castle and church in Saissac- the village of Montolieu, well known for its number of bookshops and printing museum;

- the village at Saissac, with an impressive castle on the brow of the hill below the village giving you an exceptional panorama across the plains below the town;

- the village of Soreze, our favourite medieval village in the region and with lots of half-timbered medieval buildings. A stroll through the gardens at the Soreze Abbey-Ecole also makes for a very pleasant visit.

By now it is lunchtime, and Revel itself has a well-preserved town center with a very large medieval market hall and several restaurants.

Alternatively you might head a few kilometres south (along the road towards Castelnaudary) to the castle and tiny village at La Pomarede. Wealthy visitors will enjoy lunch at the Michelin starred restaurant within the castle walls - see L'Hostellerie for details and bookings.

To the south...

Heading south from Carcassone there are various options, with our favourite being the route that leads through the countryside to reach the exceptional abbey at Saint-Hilaire, one of the most impressive romanesque buildings in the region, then on to the small town of Alet-les-Bains, with its medieval centre and the ruins of an abbey.

Cloisters in Abbey at Saint-HilaireThe route you follow makes a great deal of difference to the enjoyment of this excursion. The main road from Carcassonne to Alet-les-Bains that passes through Limoux is much less interesting than the route that follows through the countryside!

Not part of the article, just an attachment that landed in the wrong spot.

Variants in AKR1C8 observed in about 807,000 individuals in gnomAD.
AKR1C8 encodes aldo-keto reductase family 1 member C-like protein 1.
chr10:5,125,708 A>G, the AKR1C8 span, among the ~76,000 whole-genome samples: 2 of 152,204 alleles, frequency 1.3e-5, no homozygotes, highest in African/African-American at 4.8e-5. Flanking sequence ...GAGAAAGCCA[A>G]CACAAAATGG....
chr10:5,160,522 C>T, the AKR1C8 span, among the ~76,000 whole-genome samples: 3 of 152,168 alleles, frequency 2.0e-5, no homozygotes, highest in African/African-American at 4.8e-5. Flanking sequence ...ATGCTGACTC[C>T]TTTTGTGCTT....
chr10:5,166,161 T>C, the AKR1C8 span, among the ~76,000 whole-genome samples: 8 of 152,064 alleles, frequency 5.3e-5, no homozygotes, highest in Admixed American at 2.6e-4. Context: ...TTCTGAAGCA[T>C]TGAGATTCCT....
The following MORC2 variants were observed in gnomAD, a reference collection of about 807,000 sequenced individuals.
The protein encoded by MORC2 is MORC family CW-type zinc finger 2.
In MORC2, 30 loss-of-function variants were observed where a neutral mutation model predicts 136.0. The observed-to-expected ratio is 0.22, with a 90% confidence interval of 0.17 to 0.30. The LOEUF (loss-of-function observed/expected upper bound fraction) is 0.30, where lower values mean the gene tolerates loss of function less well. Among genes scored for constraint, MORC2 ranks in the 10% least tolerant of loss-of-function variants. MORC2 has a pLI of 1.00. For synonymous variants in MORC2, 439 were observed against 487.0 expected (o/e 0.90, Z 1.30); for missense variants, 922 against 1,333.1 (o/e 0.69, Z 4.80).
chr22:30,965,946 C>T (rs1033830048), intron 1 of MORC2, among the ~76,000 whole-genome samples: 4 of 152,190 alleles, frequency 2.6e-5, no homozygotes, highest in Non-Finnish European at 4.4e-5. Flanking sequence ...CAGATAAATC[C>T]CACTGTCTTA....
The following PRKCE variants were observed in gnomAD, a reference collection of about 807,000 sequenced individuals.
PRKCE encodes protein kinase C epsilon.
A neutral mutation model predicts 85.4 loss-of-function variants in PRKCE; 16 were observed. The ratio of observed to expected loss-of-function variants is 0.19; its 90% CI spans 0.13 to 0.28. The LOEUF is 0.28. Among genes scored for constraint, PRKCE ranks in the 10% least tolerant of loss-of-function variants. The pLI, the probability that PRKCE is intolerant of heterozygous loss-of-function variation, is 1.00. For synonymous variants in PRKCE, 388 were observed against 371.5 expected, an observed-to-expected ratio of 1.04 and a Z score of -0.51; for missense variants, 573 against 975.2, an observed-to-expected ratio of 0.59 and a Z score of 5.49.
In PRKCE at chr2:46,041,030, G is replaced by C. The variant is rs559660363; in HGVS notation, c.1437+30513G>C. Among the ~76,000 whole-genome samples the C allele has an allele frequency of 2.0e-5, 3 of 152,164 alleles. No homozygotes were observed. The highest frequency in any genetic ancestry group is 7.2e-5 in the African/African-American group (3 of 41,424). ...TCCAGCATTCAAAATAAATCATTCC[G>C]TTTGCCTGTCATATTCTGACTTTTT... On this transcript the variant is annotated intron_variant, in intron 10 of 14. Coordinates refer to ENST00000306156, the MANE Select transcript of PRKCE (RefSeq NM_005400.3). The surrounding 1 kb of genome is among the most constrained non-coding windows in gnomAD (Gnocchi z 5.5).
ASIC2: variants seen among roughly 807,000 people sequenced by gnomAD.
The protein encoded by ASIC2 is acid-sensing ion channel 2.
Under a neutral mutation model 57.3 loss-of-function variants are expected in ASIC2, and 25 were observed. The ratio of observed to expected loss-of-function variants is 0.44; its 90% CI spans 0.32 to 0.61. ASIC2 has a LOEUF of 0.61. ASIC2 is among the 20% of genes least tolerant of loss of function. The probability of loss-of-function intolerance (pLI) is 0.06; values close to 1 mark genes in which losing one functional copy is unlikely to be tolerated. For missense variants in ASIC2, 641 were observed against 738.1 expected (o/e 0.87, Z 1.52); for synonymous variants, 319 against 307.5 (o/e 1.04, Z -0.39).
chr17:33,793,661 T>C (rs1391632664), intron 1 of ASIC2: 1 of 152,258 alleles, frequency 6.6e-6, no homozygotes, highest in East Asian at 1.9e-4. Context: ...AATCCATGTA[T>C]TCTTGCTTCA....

We recommend that from Saint-Hilaire you first follow the D54 route towards Belcastel. This passes through very quiet, rural countryside and we didn't pass another car along the whole route!

Just before Belcastel in a hamlet called Buc there is a pretty church, while Belcastel itself is well known for the ruins of a castle that stand high on a hill. For one of the best views of the castle, follow the (equally quiet and scenic) D429 south from here - after a few kilometres there is a very lovely view across to the castle. Following the same road you eventually reach Alet-les-Bains.

If you do pass the town of Limoux it is worth venturing in for a quick look at the medieval square in the town centre. If you visit at the weekend between January and March you will see a different side to Limoux - it has a festival that runs for about 12 weeks and includes a great deal of pageantry and period costumes, and is much the best time to visit.

Travel information

- To arrange car hire for the duration of your visit see car hire in France

- We stayed in a hotel in 'new' Carcassonne because they are cheaper but there are also a couple of hotels in the medieval city which would be great places to stay - the Hotel de la Cité looks great from the outside and when I win the lottery I will stay there. For hotels at all prices in the town see Carcassonne hotels

If you can get hold of cheap flights, rent a small car for two days, and stay in a reasonably priced hotel you might be able to have your weekend in Carcassonne for two people for less than 300 euros. If price is not an issue and prefer luxury you could pay a lot more. For 1000 euros you could have a weekend of unashamed luxury!